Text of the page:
Arnie Duncan and Eric Holder joined forces this month to draw attention to what some have called the most serious civil rights problem of the 21st century – the school to prison pipeline. It is the result of zero tolerance school discipline policies implemented after the Columbine shootings in 1991. The intent of the policies is to protect children, and provide them with a safe learning environment. But for many children, they have had the opposite effect. Thousands receive out of school suspensions for misbehaviors ranging from dress code violations to disrespect and defiance.
And the problems don’t stop there. Children of color and those with disabilities are suspended more frequently than their peers. Children suspended from school one or more times are far more likely than peers to experience school failure, drop out of school, and become involved with the juvenile justice system.
The changes proposed by Duncan and Holder represent a fundamental shift in perspective toward childhood wrong doing. More developmentally appropriate than traditional models, the new legislation acknowledges the need to teach children how to regulate how they react to others in their environment. Emphasis is placed on the relational aspects of behavior, and the need to help youth learn how to restore peace and understanding following disruptive situations.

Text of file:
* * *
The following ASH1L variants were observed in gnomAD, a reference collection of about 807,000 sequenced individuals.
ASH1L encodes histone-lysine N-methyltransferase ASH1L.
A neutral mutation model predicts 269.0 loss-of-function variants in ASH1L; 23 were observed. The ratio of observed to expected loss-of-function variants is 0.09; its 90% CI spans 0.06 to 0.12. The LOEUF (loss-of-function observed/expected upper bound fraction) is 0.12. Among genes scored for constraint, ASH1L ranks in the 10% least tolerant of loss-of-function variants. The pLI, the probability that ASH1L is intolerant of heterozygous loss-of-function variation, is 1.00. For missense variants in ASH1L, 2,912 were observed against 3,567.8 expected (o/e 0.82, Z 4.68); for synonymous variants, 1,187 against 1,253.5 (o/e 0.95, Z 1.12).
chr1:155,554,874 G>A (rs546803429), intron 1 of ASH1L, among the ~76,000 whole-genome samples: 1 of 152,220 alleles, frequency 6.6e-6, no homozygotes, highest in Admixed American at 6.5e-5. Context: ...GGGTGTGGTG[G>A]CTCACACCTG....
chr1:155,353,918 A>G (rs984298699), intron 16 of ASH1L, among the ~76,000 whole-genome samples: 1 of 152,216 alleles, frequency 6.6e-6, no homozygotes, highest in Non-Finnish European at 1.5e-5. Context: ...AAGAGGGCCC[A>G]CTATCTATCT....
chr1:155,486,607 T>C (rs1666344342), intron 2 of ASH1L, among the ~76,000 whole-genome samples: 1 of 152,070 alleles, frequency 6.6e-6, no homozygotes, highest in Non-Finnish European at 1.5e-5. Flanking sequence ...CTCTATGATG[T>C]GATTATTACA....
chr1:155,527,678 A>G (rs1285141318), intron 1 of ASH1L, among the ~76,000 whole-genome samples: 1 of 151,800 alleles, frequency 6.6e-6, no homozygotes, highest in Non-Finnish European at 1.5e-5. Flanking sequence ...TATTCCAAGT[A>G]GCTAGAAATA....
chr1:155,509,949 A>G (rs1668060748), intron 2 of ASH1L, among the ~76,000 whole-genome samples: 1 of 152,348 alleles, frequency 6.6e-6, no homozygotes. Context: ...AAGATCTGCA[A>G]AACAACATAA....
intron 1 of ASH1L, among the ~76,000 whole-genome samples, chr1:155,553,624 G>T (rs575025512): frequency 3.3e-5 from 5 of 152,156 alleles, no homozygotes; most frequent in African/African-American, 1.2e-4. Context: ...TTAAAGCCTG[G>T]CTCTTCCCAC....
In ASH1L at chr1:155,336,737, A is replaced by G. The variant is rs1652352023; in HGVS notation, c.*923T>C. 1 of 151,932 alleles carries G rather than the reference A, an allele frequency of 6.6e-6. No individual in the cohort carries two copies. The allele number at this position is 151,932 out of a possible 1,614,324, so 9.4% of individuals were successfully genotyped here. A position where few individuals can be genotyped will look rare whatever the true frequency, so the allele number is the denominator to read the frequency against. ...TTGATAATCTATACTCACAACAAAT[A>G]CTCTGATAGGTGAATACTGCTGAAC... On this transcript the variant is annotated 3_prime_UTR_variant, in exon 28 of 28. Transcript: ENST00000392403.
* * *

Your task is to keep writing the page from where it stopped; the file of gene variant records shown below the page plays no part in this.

This type of restorative discipline has its roots in Native American cultures who form a circle of elders around young boys to offer advice and support. When inappropriate behaviors occur, these elders help offenders make restitution to the community for any damages that occur.
Within the school setting, restorative discipline has a similar collaborative tone. Emphasis is placed less on compliance, and more on building awareness of the effects of a student’s misbehavior on the well-being of others. Adults help wrongdoers recognize the harmful effects of their actions, and plan for ways to avoid similar incidents from happening in the future. When appropriate, they support an offender’s efforts at reparation.
You can read more about restorative discipline at: